One of the running jokes on Columbo was that the audience never saw Mrs. Columbo. "You know, my wife says…," the detective repeatedly mumbled while rummaging through his wrinkled raincoat. Mrs. Columbo was brought to life only through Peter Falk's descriptions. That's the brilliance — we are left to imagine her. We never even hear her first name. What did she look like? What was her voice like? And what was her name? I guess we'll never… Just kidding! In 1979, one year after Columbo had wrapped its intial seven-season run, NBC launched a spin-off titled Mrs. Columbo. We learned her name was Kate — and that she was somehow 24 years old. Wait, what? So she was 14 when they got married?

Image: The Everett Collection


The Mary Tyler Moore Hour

In the short gap between her brilliant, pioneering role on The Mary Tyler Moore Show and her Oscar-nominated role in Ordinary People, Mary Tyler Moore oddly struggled to find success on television. Her variety series Mary tanked after a mere three episodes in 1978. The following year, she returned with the high-concept Hour, about show-within-a-show "sit-var" that fused variety and scripted sitcom. The one at least made it 11 episodes. The most notable thing about her failures was the casting. Both Michael Keaton and David Letterman honed their skills as part of MTM's ensembles.

Image: The Everett Collection


The Associates

Speaking of budding young comic actors, Martin Short found his first big break outside of Canada on this Wall Street sitcom. The pedigree was there. James L. Brooks produced. B.B. King sang the theme. No wonder the show garnered both Emmy and Golden Globe nominations. What were those worth? Little. ABC made a mere 13 episodes — and only aired nine of them.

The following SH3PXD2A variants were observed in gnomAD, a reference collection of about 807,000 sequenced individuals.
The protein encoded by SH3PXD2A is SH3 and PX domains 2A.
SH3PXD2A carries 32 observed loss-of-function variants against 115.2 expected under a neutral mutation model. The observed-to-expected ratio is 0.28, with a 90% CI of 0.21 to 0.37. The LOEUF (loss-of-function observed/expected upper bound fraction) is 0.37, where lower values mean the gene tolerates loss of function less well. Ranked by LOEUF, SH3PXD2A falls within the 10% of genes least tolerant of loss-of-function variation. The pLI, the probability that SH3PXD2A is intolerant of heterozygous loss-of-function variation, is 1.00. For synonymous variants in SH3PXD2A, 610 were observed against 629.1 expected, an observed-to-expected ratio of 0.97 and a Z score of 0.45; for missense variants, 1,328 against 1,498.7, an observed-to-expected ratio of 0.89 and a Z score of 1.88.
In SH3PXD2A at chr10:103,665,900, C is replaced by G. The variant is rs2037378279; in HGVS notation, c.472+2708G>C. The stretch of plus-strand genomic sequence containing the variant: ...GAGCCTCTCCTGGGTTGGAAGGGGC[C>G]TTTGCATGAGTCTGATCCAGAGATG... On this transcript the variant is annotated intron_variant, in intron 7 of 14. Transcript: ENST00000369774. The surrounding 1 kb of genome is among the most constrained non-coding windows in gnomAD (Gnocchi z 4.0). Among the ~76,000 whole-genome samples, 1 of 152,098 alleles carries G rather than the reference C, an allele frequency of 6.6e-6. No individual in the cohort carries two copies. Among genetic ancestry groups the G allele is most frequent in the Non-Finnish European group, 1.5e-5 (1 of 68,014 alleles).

Image: The Everett Collection



By 1979, James Earl Jones was already well on his way to his current status among the EGOT elite. He'd been nominated for an Emmy in 1964 for his appearance in the TV series East Side/West Side. After that, his first starring role on the big screen got him an Oscar nomination. In 1977, he won his first Tony, the same year he was cast in his most iconic voice acting role as Star Wars villain Darth Vader, so while it would take until 1991 to get his Grammy, he was already establishing himself as the most recognizable voice in the world. At that point in his career, Jones could've done anything with his career. So it's with a head-scratch that we note he chose to star in a short-lived crime drama called Paris, produced by none other than legendary series creator Steven Bochco. Though it didn't last long, did its part to launch new talents, including some of the first TV appearances for talents like Danny Glover and Ed Harris, plus guest stars like Robert Englund (pre-Freddie Krueger) and Jonathan Frakes (pre-Riker).

Image: The Everett Collection


California Fever

Oh, one trend we overlooked — disco and Saturday Night Fever. The boogie inevitably trickled down to the boob tube. California Fever star Jimmy McNichol was a teen idol living in the shadow of his little sister, Kristy. Any California-set show worth its salt water back then featured awesome cars. California Fever was no exception, as Vince Butler (McNichol) cruised around in a cool Trans Am. Meanwhile, his buddy Ross (Marc McClure, a.k.a. Jimmy Olsen to Christopher Reeve's Superman) puttered around in a topless green-and-yellow truck dubbed "The Grossmobile."

Image: The Everett Collection


SEE MORE: 15 forgotten sci-fi and fantasy series of the 1970s